It’s National Health IT Week and we at Dell EMC are taking this time to look at the healthcare IT (HIT) trends of 2017. As always, evolving technology and innovation continues to drive healthcare transformation, but there are a few have become established movements in changing the healthcare landscape over this past year.
1. Data: From Acquisition To “Appification”
The data lifecycle—taking raw data to innovation—is speeding up, bringing us closer to the promise of evidence-based medicine.
With increasing adoption of cloud in 2017, especially software-defined, secure cloud technologies, providers are gaining the convenience and accessibility needed to pool large data sets (both clinical and non-clinical) and apply analytics functionality like never before.
Recent developments made in the areas of cognitive computing, machine learning and AI are helping to translate the massive volume of raw data into meaningful insights—insights that are leading to ground-breaking point-of-care and patient solutions. Take Freenome, for example, a San Francisco-based startup that is using AI to build non-invasive disease screenings. And on the patient-end of things we have solutions like the AI-powered mobile app, YourMD, that is turning your data into “trusted and actionable information”.
As data becomes more a part of the fabric of our healthcare ecosystem, it is critical that we continue to leverage the latest advancements, following four basic steps in the process of turning data into innovations: acquire everything, analyze anything, archive the right things, and amplify/appify actionable things.
2. Consumerism: Empowered Patients and New Care Choices
We’ve witnessed several trends over the past year to support the rise in healthcare consumerism. First is the growing consolidation of providers—a model that has taken shape largely because of a need to form clinically integrated networks that streamline care, reduce costs and provide more patient-centric services. Just this year we witnessed consolidations from healthcare giants, Beth Israel Deaconess Medical Center in Boston and the University of Pittsburgh Medical Center (UPMC), both acquiring a network of regional health systems in their respective states. It’s a move that they anticipate will help reduce costs and improve care for millions of patients.
Secondly, competition is growing. Retail health veterans like CVS and Walgreens, along with major telehealth service providers like TeleDoc, are leading the way in providing a user-driven telehealth and mobile app experience. With that comes more convenience and choice, and a growing expectation from patients for similar user experiences across the healthcare industry.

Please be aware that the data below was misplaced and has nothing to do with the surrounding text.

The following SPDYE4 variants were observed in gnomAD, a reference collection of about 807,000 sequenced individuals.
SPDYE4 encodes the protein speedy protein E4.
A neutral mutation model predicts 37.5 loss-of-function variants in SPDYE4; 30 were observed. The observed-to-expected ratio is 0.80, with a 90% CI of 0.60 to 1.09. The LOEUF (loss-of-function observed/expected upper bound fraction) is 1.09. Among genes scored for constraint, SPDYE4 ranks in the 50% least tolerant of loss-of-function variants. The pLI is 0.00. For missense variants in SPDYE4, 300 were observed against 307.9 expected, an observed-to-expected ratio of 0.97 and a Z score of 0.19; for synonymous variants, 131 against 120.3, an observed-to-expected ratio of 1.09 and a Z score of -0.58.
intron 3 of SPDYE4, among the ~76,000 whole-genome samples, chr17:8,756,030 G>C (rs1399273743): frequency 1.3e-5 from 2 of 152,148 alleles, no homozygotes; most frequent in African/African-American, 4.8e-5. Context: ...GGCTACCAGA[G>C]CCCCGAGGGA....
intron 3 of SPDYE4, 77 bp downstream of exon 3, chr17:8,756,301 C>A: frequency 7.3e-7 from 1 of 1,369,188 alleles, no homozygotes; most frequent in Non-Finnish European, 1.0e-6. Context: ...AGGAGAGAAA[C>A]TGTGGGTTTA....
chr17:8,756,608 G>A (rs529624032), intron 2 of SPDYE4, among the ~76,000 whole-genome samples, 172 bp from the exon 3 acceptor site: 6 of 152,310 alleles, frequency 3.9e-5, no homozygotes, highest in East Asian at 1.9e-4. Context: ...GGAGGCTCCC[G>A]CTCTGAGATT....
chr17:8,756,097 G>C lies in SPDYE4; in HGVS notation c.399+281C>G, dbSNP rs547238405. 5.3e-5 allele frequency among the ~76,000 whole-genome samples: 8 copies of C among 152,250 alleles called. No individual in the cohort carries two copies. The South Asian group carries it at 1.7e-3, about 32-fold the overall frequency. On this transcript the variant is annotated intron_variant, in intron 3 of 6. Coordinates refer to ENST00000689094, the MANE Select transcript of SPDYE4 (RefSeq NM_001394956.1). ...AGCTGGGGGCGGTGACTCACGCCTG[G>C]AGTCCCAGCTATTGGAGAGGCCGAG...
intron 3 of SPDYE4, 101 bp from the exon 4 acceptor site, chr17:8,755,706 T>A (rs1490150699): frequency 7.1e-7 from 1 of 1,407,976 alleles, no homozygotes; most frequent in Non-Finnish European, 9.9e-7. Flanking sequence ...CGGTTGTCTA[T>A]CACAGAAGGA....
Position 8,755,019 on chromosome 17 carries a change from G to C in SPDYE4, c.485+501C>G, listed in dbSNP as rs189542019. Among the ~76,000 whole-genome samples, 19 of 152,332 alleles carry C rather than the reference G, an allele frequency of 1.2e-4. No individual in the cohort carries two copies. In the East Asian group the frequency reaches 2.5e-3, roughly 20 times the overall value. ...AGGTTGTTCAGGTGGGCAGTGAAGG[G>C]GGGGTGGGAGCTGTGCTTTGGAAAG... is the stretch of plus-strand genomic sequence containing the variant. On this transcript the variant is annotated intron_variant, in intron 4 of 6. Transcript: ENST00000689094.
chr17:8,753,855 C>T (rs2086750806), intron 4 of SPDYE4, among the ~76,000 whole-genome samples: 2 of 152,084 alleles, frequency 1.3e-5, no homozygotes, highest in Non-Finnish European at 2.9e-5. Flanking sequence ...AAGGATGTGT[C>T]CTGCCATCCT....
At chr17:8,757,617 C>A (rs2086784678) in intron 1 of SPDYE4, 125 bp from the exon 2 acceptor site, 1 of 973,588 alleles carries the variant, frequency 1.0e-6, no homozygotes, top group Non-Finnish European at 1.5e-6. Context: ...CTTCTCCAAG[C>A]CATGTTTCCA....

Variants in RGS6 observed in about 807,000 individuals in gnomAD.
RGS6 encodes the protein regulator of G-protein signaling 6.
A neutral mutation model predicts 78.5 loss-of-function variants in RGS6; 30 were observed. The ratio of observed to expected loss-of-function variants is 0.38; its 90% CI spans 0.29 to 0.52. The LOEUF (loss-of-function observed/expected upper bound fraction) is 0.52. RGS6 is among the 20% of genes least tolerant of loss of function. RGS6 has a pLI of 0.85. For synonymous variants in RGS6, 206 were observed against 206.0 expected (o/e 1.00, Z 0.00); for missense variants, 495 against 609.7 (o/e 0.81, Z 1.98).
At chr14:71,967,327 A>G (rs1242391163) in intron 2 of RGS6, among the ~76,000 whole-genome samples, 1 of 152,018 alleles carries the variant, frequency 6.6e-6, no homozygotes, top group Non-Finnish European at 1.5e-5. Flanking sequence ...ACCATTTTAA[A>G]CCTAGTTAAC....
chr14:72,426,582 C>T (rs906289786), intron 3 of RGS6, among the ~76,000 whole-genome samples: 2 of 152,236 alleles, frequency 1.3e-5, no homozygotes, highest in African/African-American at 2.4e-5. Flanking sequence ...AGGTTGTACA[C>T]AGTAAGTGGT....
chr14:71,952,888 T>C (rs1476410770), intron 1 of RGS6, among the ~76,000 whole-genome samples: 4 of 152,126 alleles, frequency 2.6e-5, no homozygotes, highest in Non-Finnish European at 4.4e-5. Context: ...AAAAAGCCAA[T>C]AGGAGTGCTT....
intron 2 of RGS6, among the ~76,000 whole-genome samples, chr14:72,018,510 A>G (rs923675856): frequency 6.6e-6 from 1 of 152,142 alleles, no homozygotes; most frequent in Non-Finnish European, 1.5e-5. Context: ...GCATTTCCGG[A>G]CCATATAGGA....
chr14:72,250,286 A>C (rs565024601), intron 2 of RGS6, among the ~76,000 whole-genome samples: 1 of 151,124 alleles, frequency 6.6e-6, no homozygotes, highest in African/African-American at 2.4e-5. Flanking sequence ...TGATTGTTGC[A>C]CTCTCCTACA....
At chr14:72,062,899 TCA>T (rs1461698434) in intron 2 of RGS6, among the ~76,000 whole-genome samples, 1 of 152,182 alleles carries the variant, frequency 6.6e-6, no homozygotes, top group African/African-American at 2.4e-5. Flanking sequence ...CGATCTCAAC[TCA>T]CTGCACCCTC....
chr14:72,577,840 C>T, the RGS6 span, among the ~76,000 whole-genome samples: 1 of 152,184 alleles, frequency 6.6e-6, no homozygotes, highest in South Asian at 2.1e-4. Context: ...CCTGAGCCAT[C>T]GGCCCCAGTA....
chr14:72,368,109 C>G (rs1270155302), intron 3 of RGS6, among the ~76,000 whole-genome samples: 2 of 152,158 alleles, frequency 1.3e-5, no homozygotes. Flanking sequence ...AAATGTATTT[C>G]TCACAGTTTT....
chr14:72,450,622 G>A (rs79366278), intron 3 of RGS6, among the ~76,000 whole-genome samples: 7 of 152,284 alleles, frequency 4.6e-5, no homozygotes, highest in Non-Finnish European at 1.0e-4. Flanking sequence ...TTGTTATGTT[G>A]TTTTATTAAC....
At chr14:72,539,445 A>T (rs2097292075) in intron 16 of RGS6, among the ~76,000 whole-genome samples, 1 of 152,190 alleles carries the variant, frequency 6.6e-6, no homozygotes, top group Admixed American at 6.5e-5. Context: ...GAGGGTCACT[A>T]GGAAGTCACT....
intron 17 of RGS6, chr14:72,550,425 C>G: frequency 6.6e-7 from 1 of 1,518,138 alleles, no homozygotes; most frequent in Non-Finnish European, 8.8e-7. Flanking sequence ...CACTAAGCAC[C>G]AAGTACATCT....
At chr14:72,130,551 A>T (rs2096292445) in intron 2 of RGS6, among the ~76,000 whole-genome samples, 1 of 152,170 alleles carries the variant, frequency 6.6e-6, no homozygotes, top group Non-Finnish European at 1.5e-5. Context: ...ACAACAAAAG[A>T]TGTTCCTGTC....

Thirdly, innovation and appification empower patients, especially millennials, to take the lead in sharing their health information. Mobile apps and tracking devices offer new methods for acquiring data, while patient portals and IM’ing options help with data sharing between patients and their providers, family members and even payers. Many patients are even sharing data generated from consumer devices such as Fitbits (even though much of that data remains non-clinical). There is also a willingness from patients to share their data with employers and payers to help lower insurance rates.
These influences are expediting the adoption of healthcare consumerism in 2017.
3. Patient Safety: Beyond Ransomware to Life-And-Death Scenarios
2017 continues to bear witness to a significant rise in breaches and ransomware attacks aimed at the healthcare industry. Not simply just a security issue, patient safety is now a top concern, especially as attacks target medical devices and critical care systems.
The ‘Wannacry’ ransomware attack for instance took down major health systems, preventing access to patient information and suspending procedures. It garnered the attention of board level executives, causing many to rethink how they handle security, especially when it comes to protecting patients in their care.
And if that weren’t enough, a new threat is emerging—the malicious creation of synthetic data. Imagine a pace maker that has been hacked, and false signals sent to it causing it to malfunction. The possibility of data manipulation poses serious health concerns and is causing hospital CISOs to pay close attention.
Staying ahead of these threats is no small feat, especially since data has officially left the building. No longer just about defending the perimeter, the key to threat detection and response is an automated, holistic and analytics-driven security approach, one that extends laterally and vertically across the healthcare ecosystem.
As we head into the final months of the year, it’s clear that management of the data cycle, rising consumerism and the need to protect patients from cyberattacks will define and shape our HIT priorities. The rapid proliferation of all-things digital, with its promises and vulnerabilities, will drive innovation and force IT executives to embrace change.